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Taiwan Provides the Blueprint for Fighting COVID-19

As COVID-19 spreads like wildfire across the globe, a small state just over 1,000 kilometers from the epicenter of Wuhan, China remained predominantly safe. Taiwan, politically autonomous but regarded by China as a rebel territory, has combated COVID-19 better than any country on the planet. The island-state installed protections and took precautions prior to any other nation and has seen an extraordinarily low number of coronavirus cases, despite its proximity to China. Taiwan has recorded fewer than 500 cases of the virus, and only six deaths from its population of 23 million. Making this feat even more impressive, Taiwan’s population density is 649 people per square kilometer, meaning close person-to-person contact is common. Taiwan’s response to the outbreak of the coronavirus was based upon the government taking preemptive measures and conclusions based on fact-based information, independent from China.

Taiwan and China have had rocky relations since the Chinese Communist Party won China’s civil war in 1949 and the defeated nationalist government retreated to the island of Taiwan and set up a provincial government. Beijing has always regarded Taiwan as an inalienable part of China and considers the island to be similar to Hong Kong and Macau in falling under the “Two Systems, One Country” mantra. This was affirmed in the 1992 Consensus signed by representatives of Beijing and Taiwan’s ruling political party, the Kuomintang. The agreement stated that there was only “One China,” but that it was acceptable for Taipei to interpret the meaning of this differently from Beijing. Also included in the consensus was a tacit agreement that Taiwan would not seek independence from China.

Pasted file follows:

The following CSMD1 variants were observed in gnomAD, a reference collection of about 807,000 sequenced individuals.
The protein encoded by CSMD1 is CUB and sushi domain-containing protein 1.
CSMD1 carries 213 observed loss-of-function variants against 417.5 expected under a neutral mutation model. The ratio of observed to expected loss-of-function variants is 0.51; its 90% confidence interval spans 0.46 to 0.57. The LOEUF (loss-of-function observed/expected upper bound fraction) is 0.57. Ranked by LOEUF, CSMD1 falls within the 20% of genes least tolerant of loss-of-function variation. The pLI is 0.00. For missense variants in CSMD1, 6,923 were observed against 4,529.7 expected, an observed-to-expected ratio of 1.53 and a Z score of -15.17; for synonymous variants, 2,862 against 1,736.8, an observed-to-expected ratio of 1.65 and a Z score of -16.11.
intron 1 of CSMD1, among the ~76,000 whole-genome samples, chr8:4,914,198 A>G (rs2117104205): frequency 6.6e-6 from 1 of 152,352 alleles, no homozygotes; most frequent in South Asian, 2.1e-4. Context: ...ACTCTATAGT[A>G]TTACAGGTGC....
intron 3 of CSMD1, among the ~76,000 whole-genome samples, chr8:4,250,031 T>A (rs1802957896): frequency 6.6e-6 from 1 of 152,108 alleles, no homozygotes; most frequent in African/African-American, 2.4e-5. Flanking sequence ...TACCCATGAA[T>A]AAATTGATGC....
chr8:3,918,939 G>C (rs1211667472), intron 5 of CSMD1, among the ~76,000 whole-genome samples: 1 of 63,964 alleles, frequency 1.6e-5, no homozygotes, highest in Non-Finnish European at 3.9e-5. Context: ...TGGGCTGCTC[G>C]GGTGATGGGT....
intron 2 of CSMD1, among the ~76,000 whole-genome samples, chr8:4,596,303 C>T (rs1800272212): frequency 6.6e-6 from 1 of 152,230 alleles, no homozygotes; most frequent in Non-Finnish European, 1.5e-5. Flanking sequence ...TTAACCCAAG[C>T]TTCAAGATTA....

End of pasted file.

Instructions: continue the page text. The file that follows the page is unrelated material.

The 2003 outbreak of severe acute respiratory syndrome (SARS) in Taiwan resulted in a fatality rate of 27%, which forced Taipei to significantly increase its capacity to handle viral outbreaks, including mandating that all hospitals on the island be equipped with a month’s worth of emergency medical equipment. Nearly twenty years later, in the face of the COVID-19 crisis, the widely used Johns Hopkins University model predicted that Taiwan would have the second highest rate of infection due to its proximity to China. However, measures taken by the Taiwanese government has prevented this, and led to Taiwan having one of the smallest outbreaks of COVID-19.

As news of the coronavirus began circulating on social media, Taiwan did not believe the statements on the virus coming from Beijing or the World Health Organization, not trusting that the information would be accurate. To verify the veracity of these assessments, Taiwan’s Center for Disease Control sent a team of medical professionals to Wuhan to monitor the situation. Taiwan used facts discerned from individuals on the ground to get an accurate indication of the severity of COVID-19. As a result of this, the Taiwanese government learned the outbreak was much worse than Beijing was letting on and took immediate precautions. Taiwan became the first state to enact a strict quarantine, and has also been at the forefront of testing for the virus.